Written by Vickie Adair   

My second rule was "Keep positive beliefs and free yourself from stress." So, what do positive thoughts and eliminating stress have to do with staying young? Well, the answer to that makes this a very scientific blog about telomeres, DNA, and main stream medical research.  It’s pretty dry stuff, I guess, so I’ll keep this one as short as I can.

It seems that every cell contains a tiny clock called a telomere, ticking down to the end of cell division.  The telomere shortens each time the cell divides, and short telomeres are linked to whole list of diseases -- and aging. Cells do, however, have an enzyme, called telomerase, which keeps immune cells young by preserving their telomere length and ability to continue dividing.  But according to UCLA scientists, the stress hormone cortisol suppresses immune cells' ability to activate their telomerase, which helps us understand why the cells of persons under chronic stress have shorter telomeres and at least one part of the mind body connection.

The question is do positive thoughts affect stress enough to prevent the stress hormone cortisol from stopping our telomerase from activating to protect our telomeres?   It seems that the answer is yes.  A seven year study on the level of positive thinking in relationship to the level of frailty in older adults was recently conducted through the University of Texas Medical Branch at Galveston.  The final report concluded that people who scored high on positive affect (or positive thinking) were significantly less likely to become frail.  Researchers speculated that positive thinking may directly affect health via chemical and neural responses that help maintain an overall health balance and that positive thinking can have a beneficial effect on people’s health by increasing a person’s intellectual, physical, psychological and social resources.

Some Institute of HeartMath researchers conducted tests to determine if human emotion actually physically alters human DNA at a cellular level. Those researchers concluded that emotion causes the DNA molecule to either “wind” or “unwind.” This altering either does aging type damage to the body or healing of the body: “Oh, he was so young to have a heart attack!”  “Isn’t she looking younger and healthier these days?” The change can be negative or positive to the body, depending on the thought that creates the emotion combined with the power of the emotion.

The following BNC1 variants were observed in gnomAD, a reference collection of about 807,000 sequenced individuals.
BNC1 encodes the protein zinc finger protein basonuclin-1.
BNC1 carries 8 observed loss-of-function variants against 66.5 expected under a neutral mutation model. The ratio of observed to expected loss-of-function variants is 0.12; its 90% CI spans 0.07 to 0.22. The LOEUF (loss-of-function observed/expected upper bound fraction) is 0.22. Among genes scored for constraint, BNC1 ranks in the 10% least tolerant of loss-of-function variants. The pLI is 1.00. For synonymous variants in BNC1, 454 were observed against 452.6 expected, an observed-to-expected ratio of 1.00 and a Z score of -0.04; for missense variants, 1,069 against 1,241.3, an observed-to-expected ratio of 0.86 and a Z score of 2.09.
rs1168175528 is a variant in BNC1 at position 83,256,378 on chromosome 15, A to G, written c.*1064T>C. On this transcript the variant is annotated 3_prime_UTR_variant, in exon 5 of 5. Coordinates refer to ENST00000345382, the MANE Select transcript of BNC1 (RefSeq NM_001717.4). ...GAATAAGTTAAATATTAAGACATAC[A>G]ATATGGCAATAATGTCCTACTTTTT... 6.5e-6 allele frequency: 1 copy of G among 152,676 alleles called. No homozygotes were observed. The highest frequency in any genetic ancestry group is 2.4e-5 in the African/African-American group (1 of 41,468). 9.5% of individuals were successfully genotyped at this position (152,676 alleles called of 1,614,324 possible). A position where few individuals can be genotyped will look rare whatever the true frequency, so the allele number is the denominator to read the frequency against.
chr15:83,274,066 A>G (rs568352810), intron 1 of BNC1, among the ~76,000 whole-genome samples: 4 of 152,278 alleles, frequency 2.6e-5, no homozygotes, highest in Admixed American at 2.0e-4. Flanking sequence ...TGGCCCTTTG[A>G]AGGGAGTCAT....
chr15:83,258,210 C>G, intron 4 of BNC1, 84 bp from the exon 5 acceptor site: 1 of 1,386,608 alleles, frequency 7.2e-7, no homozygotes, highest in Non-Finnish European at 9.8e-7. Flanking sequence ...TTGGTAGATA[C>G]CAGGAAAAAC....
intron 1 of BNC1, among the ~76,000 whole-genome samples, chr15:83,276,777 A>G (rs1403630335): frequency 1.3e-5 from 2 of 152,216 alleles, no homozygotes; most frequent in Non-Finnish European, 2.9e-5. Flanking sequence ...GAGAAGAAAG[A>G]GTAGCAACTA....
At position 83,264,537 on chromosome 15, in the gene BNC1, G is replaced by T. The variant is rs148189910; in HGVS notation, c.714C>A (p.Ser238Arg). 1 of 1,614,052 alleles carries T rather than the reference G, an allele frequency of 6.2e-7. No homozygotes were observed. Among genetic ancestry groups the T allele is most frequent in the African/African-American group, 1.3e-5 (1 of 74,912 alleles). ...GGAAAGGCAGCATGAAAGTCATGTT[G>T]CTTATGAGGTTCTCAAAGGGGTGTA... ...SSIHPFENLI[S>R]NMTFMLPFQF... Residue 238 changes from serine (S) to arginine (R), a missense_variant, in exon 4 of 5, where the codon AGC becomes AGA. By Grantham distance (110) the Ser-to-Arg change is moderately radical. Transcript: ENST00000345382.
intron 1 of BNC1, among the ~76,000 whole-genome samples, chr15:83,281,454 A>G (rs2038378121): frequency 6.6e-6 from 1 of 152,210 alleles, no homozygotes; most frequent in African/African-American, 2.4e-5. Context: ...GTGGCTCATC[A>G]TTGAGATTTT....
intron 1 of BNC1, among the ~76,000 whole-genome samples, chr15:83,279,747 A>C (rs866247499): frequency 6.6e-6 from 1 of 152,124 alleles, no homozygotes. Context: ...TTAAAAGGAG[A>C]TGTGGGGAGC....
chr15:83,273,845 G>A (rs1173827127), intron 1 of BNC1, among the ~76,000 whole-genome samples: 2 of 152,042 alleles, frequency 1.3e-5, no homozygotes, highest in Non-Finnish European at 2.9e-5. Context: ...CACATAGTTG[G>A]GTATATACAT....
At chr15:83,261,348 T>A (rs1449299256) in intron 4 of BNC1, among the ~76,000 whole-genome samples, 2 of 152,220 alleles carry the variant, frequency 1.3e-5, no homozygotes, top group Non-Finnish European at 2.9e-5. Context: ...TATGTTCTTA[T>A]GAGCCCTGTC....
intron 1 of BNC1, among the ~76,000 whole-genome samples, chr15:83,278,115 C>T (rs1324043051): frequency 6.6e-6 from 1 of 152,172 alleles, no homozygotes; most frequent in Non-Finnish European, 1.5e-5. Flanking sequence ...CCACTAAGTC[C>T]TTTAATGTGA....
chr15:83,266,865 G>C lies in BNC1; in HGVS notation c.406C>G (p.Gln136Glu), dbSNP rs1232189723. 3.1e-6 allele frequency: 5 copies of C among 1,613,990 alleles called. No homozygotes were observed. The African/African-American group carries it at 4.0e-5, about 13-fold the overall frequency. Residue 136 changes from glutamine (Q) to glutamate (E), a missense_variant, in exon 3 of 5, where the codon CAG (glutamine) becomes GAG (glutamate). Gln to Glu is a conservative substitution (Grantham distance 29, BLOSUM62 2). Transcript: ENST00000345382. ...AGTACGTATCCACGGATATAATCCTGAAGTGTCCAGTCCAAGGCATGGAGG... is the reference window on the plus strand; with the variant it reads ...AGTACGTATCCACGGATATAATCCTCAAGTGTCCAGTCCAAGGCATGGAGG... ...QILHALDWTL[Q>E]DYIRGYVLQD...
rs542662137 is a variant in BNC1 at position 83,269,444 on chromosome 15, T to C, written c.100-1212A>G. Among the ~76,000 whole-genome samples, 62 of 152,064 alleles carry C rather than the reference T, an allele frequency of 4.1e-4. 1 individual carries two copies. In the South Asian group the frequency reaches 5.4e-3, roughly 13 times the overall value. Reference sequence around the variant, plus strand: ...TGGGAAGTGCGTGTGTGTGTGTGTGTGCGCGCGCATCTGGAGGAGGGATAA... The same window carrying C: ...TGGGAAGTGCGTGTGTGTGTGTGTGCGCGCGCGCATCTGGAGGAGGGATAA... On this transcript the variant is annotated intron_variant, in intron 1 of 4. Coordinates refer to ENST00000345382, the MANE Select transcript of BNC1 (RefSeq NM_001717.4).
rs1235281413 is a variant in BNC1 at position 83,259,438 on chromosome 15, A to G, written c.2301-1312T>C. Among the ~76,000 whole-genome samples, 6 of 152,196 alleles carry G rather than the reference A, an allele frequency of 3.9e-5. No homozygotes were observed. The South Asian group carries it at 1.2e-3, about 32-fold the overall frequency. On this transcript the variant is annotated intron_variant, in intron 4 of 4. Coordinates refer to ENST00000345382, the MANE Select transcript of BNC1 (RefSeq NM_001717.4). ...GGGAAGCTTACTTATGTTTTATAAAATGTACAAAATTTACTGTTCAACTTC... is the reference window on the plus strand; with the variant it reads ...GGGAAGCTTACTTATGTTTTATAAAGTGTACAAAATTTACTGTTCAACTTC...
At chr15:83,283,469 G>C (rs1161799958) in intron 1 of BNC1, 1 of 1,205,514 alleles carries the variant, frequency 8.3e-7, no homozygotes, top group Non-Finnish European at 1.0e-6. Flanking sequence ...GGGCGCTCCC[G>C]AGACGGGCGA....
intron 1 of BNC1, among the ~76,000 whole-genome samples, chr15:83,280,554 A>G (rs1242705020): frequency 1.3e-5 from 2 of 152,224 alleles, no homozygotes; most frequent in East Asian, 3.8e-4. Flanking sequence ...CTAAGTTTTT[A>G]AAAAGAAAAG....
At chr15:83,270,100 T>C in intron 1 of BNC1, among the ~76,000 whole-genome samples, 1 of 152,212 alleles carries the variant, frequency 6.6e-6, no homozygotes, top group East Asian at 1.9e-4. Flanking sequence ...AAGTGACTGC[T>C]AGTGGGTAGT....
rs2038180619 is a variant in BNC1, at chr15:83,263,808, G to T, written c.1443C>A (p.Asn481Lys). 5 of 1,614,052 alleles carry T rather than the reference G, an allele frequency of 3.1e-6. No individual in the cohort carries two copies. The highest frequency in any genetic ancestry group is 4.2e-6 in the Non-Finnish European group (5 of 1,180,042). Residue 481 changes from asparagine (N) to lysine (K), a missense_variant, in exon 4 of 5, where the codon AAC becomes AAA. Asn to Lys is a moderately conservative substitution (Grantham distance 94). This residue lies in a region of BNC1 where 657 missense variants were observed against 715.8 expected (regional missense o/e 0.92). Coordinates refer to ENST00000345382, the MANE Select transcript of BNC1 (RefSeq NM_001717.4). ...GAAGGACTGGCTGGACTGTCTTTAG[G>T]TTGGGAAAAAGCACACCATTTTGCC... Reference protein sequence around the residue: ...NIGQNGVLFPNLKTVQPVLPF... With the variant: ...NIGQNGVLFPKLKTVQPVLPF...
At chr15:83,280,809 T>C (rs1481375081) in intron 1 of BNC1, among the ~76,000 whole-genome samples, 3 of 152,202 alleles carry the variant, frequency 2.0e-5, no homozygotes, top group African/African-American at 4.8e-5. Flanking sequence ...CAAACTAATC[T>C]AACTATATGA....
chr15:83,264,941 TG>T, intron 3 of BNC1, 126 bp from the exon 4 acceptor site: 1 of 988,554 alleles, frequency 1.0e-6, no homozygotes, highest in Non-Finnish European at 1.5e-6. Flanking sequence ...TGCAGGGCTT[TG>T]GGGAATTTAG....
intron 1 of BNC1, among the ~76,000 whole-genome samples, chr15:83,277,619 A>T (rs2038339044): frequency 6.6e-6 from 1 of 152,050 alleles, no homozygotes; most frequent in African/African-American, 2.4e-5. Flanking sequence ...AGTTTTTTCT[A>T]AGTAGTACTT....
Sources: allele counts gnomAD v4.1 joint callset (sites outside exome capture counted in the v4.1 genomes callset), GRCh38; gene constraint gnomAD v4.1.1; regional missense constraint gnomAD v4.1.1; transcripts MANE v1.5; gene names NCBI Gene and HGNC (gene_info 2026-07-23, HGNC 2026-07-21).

Many studies have shown the effects of stress on people’s health. Being stressed or extremely negative can bring on high blood pressure, ulcers, and many other problems that can lead to life threatening conditions. One of the primary ways to handle or eliminate stress is positive thinking. How do we think positive when stressful situations come along? Here’s an example: I get laid-off and immediately start thinking about all the negative things that could happen as a result, so I start feeling high levels of stress. STOP. I immediately change those thoughts to how to solve immediate problems and search for a job where I’ll be much happier with my work and maybe make more money and feeling of stress decrease. I envision a positive outcome.  Usually, I have to do that STOP step over and over.

Other than the medically proven physical benefits of positive thinking and stress elimination, here’s a final thought.  Positive thinking keeps us on focus to do the other things needed for staying young, such as eating right, drinking plenty of water each day, moving our bodies, getting enough sleep, etc. I know without those positive thoughts, I start to wobble on my commitment to healthy living. So, we all have a choice: think about the negative or think about the positive. If we just give positive thinking a try, we may find that it really does help us stay healthier and younger in physical age even as our chronological age keeps getting higher.